Of course, it may well be that Bill Gross is really trying to tell us that he is worried about the bond market. It may be that the bond market does not like Obama as much as Gross did. And if Bill Gross is worried about the bond market, then we should all be worried.

As for the substance of his argument, if the political parties are all the same, why should anyone bother to vote at all. There are few enough citizens who vote in elections today; is it really helpful to set up an argument that can discourage civic responsibility?

After all, we are duty-bound to vote. We are duty-bound to select those we wish to represent us in government. We are duty bound to choose among or between the candidates who have presented themselves.

Nothing is gained by defining free choice in such idealistic terms that no system of government could ever be pure enough. The same applies to people, incidentally.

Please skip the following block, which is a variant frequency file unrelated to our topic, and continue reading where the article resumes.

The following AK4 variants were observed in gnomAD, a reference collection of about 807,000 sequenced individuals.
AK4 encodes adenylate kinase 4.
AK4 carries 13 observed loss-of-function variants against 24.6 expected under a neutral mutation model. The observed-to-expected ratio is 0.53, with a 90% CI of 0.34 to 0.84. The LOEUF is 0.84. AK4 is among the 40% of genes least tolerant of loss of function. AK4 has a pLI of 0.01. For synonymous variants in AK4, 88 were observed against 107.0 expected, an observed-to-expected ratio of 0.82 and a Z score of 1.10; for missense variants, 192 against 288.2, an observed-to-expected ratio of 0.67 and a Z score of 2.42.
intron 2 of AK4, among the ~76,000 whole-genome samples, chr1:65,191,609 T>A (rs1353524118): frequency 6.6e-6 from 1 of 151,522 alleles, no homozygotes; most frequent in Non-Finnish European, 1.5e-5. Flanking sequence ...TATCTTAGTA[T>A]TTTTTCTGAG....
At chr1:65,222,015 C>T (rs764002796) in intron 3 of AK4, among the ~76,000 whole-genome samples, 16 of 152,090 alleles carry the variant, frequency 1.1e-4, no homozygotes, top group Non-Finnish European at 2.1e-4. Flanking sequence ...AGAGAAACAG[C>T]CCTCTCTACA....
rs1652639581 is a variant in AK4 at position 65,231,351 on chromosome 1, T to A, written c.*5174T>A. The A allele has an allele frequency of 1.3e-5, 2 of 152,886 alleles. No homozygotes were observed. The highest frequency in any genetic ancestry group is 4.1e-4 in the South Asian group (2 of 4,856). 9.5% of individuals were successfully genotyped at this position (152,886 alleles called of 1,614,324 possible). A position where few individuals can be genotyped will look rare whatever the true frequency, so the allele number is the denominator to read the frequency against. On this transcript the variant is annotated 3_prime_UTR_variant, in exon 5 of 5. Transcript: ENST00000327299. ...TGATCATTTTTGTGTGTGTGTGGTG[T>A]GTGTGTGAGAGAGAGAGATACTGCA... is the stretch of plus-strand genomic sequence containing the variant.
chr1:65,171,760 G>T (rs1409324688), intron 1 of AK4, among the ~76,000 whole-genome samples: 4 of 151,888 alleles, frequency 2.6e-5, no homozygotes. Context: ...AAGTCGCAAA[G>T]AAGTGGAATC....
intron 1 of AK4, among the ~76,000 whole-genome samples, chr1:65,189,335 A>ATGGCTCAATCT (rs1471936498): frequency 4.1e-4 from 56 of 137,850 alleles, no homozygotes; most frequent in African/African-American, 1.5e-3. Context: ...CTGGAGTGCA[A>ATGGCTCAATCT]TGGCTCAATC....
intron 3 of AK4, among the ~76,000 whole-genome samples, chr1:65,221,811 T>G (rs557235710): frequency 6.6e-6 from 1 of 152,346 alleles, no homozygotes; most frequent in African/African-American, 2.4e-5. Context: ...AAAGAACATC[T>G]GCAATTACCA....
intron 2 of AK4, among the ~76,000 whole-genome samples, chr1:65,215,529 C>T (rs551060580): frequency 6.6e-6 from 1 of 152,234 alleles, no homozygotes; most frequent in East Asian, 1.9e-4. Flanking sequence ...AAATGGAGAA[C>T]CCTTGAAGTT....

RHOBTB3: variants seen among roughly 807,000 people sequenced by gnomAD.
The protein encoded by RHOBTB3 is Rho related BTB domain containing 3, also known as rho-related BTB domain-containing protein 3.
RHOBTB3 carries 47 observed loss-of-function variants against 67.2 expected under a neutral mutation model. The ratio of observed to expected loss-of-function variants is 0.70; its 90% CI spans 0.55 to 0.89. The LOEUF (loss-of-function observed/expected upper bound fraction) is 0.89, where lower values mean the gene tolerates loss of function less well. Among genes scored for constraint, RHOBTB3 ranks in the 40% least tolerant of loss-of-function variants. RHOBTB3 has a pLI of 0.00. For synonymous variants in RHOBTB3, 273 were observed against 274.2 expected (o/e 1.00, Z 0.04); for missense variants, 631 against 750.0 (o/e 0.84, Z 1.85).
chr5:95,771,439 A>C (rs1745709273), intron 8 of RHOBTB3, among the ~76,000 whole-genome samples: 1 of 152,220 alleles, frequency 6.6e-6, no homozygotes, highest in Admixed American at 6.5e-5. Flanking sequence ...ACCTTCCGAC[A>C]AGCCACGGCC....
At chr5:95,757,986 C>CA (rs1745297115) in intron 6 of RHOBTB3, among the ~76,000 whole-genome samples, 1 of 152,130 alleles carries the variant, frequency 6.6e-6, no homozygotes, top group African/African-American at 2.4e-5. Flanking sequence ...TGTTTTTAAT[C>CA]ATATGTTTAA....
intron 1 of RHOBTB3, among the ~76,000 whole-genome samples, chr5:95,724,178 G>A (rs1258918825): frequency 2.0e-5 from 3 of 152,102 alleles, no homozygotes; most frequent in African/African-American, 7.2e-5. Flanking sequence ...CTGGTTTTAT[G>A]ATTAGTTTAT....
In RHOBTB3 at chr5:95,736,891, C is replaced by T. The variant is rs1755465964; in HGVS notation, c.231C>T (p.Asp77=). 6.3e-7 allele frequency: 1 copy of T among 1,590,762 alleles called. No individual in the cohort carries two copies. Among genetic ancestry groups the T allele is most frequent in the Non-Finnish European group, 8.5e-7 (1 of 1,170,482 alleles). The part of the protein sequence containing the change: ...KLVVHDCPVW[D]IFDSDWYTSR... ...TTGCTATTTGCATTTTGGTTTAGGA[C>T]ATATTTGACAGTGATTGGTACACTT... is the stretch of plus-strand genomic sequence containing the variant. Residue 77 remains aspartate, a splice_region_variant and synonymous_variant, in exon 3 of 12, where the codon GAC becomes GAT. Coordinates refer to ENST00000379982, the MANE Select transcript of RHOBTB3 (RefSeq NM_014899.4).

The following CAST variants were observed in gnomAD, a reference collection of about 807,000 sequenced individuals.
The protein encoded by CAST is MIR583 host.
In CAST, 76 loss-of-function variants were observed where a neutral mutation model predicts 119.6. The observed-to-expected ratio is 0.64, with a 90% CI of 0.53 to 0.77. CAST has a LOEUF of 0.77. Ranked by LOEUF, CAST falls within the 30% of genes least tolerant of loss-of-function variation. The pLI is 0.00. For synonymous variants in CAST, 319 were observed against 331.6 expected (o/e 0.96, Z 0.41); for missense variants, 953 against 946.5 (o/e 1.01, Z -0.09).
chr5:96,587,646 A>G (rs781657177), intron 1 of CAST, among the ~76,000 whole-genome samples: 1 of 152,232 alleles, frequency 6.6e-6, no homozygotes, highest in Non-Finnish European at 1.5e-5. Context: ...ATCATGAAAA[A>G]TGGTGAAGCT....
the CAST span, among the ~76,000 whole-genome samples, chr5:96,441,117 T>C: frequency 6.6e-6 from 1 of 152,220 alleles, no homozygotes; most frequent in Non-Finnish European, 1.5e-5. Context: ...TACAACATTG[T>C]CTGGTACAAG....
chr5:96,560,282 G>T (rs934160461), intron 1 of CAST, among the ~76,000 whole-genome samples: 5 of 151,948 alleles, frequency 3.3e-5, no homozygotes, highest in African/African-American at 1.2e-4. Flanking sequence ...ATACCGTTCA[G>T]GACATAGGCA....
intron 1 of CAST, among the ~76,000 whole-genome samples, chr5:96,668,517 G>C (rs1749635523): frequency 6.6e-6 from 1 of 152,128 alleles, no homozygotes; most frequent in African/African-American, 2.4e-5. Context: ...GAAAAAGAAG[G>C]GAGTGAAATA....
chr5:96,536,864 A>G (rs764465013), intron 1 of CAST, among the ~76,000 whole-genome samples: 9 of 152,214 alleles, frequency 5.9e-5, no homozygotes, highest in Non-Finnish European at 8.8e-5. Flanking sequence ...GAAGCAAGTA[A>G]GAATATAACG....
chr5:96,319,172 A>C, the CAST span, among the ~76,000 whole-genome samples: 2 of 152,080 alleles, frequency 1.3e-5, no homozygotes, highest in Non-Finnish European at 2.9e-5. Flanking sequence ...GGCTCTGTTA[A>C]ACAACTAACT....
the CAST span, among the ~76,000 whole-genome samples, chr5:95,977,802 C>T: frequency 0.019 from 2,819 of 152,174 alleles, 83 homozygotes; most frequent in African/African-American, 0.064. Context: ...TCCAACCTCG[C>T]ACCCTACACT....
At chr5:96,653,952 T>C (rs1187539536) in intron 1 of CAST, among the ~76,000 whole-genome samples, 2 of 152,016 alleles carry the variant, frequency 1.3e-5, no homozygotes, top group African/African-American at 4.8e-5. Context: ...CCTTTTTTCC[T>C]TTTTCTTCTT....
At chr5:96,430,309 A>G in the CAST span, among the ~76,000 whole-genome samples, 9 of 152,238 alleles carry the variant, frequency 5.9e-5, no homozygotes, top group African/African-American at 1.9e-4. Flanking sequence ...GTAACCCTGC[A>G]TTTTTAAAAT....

Besides, political parties evolve. They change their policies and change their leaders. Given the fact that the people vote, the parties must respond to the will of the people, or they will pay a price.

It would not be a good thing for people to avoid voting because they think it doesn't matter. And it would be even worse to do so because candidates do not live up to their unrealistic expectations.

If you vote for a candidate who disappoints you, you will always have another chance to cast another ballot to correct the error. But if you make a mistake it is better to take responsibility for your own judgment than to blame special interest money.

As for removing personal and corporate and union contributions from politics, many people believe that that would be an unconstitutional constraint on free speech. We recently had campaign finance reform, and where did that get us?

Shouldn't the first amendment guarantee the most vigorous and open debate. Surely, candidates who have the most money have something of an advantage, but it is also the responsibility of the citizenry to make a decision based on something other than a flashy commercial or a witty slogan.